CDC Microbiologist Spends Long Days Training Staff in Haiti
This story was gathered from David Snyder's visit to Haiti. David reports on CDC programs in action for the CDC Foundation.
As he spent the first few weeks after the earthquake helping to set up a disease surveillance system in the quake-ravaged city of Port-au-Prince, microbiologist Michael Humphrys experienced scenarios he probably never anticipated when he joined CDC as an Orise Microbiology Fellow in 2008.
“We came down to assess the Ministry’s capacity for lab work,” Humphrys says. “To see what they had, what was damaged and what was needed.”
Though that sounds simple, Humphrys soon discovered that the day-to-day realities of surveillance in Haiti were extremely complex. With more than 200,000 survivors living in tent cities, the risk of adequate sanitation posed a major health risk – a risk that would become worse during the rainy season. Humphrys spent many hours getting critically needed sample collection and testing supplies to medical personnel working in more than 300 camps across Port-au-Prince. Once there, he also helped train healthcare workers to use the sampling equipment, including a rapid test that can detect malaria in just 20 minutes.
In the midst of training and equipping medical teams in a city where a trip to a single camp could take a day amid snarled city traffic, Humphrys also worked closely with Ministry of Health (MoH) personnel, continuing the training efforts of a CDC team that arrived before him.
“I worked with the MoH lab to prepare staff for the types of diseases we would expect to be seeing,” Humphrys says. “You work in the hypothetical. You say, ‘If you saw this, what would you do?’ Then you teach the technical components.”
Faced with a long list of potential public health threats – from malaria and dengue to typhoid and leptospirosis – Humphrys focused the MoH training on traditional microbiology. Even after rapid testing, there is a need to follow up on any positive samples with diagnostics that can only be performed in a lab. Haiti’s public health system was fragile before the quake, with only two microbiology labs in the country, including the National Laboratory of Public Health. Humphrys notes that the lab limitations in no way reflected the staff’s expertise.”
“You never know what to expect. Sometimes you have to start from square one,” Humphrys says. “But here, the lab staff was really well trained and competent. The problems were just in getting samples, not in any technical shortfalls.”
With each day presenting new challenges – one patient sampled for typhoid died before she could be treated – Humphrys says it was difficult to measure long-term success in so complex an environment. The key, he says, is to focus on small and more manageable tasks while keeping the larger picture in mind to avoid getting overwhelmed.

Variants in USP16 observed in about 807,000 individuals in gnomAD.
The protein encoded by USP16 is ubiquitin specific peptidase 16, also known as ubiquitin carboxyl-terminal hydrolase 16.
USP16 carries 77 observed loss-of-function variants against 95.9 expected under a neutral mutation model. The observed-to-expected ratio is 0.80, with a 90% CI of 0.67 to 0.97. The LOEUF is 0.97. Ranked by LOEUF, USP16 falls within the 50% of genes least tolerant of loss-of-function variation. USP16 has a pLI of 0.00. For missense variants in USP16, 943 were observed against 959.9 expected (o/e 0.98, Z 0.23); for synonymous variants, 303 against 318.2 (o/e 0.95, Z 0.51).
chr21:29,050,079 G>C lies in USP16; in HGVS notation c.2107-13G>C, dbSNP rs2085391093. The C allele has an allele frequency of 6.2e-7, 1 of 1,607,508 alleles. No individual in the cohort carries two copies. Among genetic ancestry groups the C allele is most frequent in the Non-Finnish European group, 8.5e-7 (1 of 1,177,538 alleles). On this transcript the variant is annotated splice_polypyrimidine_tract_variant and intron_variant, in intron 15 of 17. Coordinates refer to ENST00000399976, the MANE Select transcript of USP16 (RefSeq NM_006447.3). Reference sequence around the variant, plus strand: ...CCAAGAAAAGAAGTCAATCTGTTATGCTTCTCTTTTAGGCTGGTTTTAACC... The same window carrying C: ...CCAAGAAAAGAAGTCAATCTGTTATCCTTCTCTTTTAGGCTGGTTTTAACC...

“It’s a pretty daunting task,” Humphrys says. “Really it’s very incremental and you make small steps daily. That’s how it goes.”
Though he has conducted trainings in such places as Guatemala, Malawi and Thailand, Humphrys describes his experience in the aftermath of the Haitian earthquake as unique. Days were long, tiring and sometimes frustrating. But working in Haiti as a staff microbiologist has inspired Humphrys to continue his challenging assignments with CDC.
“You come down and you work, work, work, but it’s really interesting,” Humphrys says. “It’s not easy, but it’s rewarding.”
Global Disaster Response Fund Purpose:
Through our Global Disaster Response Fund, the CDC Foundation is helping fill the gaps as CDC works with in-country officials to rebuild public health infrastructure in Haiti. The fund helped address immediate needs like tarps, tents and handheld computers. Efforts are now focused on public health facilities, equipment and training opportunities. Make a Gift to support public health rebuilding efforts in Haiti.
multiple individuals and organizations
CDC's Office of Public Health Preparedness and Response CDC's Center for Global Health
CDC Principal Investigator:
John Moore, Ph.D., R.N.
CDC Foundation's Role:
The CDC Foundation's Global Disaster Response Fund provides immediate, flexible resources to CDC experts addressing public health emergencies around the world - whether natural disasters, emerging diseases, or manmade biological threats. Following the earthquake in Haiti, CDC teams wanted to help their Haitian colleagues and their families, many of whom were sleeping outdoors without shelter. As a federal agency, however, CDC could not quickly and easily purchase temporary shelters and supplies for local public health workers and their families. CDC was able to use resources from the Foundation's Global Disaster Response Fund to fill the gap.